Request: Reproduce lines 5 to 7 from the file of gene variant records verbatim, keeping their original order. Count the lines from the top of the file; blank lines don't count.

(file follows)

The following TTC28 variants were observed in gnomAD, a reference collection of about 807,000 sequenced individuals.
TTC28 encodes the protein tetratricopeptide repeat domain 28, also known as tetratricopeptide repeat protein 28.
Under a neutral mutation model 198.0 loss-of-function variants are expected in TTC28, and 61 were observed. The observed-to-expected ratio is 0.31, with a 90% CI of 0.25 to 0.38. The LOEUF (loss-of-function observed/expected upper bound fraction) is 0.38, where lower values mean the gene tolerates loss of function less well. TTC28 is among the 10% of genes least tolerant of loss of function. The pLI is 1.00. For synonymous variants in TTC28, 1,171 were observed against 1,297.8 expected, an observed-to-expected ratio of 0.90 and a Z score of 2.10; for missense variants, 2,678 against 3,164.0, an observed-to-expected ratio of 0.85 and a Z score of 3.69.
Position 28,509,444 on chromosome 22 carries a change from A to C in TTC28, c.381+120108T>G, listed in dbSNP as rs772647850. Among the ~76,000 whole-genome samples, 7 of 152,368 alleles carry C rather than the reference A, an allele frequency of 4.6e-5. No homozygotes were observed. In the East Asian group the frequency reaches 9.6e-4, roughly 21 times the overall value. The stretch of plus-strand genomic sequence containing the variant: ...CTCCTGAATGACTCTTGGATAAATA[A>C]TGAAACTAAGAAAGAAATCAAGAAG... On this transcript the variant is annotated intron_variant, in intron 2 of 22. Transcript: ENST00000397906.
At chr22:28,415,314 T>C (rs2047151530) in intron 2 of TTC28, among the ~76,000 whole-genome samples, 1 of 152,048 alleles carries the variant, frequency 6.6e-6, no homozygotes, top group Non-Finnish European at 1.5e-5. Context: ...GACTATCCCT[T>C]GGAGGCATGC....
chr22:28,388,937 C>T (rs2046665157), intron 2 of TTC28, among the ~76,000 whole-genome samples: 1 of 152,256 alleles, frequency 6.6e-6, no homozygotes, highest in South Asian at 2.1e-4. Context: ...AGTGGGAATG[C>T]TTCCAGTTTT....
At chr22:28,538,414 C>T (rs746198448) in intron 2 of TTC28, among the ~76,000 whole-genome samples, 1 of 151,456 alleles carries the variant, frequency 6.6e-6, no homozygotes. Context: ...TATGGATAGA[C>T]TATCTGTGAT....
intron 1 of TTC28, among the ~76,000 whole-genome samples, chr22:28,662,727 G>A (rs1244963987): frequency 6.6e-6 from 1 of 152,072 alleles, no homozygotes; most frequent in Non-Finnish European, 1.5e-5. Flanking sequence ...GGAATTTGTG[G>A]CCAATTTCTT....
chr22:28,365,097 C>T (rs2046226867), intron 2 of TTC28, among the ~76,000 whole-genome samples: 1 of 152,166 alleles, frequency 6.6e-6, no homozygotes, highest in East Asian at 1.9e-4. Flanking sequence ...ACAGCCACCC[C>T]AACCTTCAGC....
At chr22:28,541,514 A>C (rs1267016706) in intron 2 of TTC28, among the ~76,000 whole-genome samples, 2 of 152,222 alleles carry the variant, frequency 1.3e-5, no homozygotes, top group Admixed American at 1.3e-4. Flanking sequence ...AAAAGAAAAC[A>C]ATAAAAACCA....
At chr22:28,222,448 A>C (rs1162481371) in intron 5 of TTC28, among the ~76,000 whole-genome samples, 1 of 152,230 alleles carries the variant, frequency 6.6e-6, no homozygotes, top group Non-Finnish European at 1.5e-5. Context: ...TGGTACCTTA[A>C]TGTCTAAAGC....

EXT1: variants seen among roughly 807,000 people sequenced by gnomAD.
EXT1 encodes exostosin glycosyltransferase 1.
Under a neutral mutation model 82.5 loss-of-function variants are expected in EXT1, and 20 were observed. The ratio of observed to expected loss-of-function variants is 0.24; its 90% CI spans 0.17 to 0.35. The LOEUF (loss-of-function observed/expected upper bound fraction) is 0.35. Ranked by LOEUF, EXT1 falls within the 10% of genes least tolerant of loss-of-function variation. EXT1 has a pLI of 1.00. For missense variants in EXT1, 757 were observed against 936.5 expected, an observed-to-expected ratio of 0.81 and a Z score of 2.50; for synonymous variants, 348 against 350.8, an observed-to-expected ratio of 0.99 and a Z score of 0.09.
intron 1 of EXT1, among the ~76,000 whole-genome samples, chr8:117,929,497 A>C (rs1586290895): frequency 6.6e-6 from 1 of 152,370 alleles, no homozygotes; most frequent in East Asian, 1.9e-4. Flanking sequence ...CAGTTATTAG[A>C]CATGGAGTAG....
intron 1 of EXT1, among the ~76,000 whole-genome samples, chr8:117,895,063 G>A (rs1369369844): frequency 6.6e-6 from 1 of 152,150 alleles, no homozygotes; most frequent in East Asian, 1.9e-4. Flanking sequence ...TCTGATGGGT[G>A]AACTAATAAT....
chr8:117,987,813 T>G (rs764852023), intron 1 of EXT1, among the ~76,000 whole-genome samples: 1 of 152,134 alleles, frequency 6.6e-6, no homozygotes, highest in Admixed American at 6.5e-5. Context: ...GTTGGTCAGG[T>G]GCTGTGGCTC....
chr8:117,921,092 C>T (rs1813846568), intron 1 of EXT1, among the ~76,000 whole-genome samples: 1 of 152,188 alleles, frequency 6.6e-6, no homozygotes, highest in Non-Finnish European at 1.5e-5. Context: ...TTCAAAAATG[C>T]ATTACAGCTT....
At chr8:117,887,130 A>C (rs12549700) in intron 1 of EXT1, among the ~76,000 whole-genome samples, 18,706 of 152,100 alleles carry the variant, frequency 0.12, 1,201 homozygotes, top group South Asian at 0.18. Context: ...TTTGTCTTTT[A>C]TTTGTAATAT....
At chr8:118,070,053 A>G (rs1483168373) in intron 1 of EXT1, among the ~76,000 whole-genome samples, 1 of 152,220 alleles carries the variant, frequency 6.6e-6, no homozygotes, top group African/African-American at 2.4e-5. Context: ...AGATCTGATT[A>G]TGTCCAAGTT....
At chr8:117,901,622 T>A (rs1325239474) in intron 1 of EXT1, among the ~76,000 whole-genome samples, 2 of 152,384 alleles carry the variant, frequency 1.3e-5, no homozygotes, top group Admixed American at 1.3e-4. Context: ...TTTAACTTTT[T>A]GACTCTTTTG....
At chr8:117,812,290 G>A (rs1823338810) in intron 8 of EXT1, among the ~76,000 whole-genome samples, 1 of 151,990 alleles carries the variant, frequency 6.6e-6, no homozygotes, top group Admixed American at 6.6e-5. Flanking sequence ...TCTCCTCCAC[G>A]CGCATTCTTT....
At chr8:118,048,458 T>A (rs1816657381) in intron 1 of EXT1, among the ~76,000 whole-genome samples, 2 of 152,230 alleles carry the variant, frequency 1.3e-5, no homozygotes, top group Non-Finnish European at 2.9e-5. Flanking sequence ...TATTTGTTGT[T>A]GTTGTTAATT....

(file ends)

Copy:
At chr22:28,415,314 T>C (rs2047151530) in intron 2 of TTC28, among the ~76,000 whole-genome samples, 1 of 152,048 alleles carries the variant, frequency 6.6e-6, no homozygotes, top group Non-Finnish European at 1.5e-5. Context: ...GACTATCCCT[T>C]GGAGGCATGC....
chr22:28,388,937 C>T (rs2046665157), intron 2 of TTC28, among the ~76,000 whole-genome samples: 1 of 152,256 alleles, frequency 6.6e-6, no homozygotes, highest in South Asian at 2.1e-4. Context: ...AGTGGGAATG[C>T]TTCCAGTTTT....
At chr22:28,538,414 C>T (rs746198448) in intron 2 of TTC28, among the ~76,000 whole-genome samples, 1 of 151,456 alleles carries the variant, frequency 6.6e-6, no homozygotes. Context: ...TATGGATAGA[C>T]TATCTGTGAT....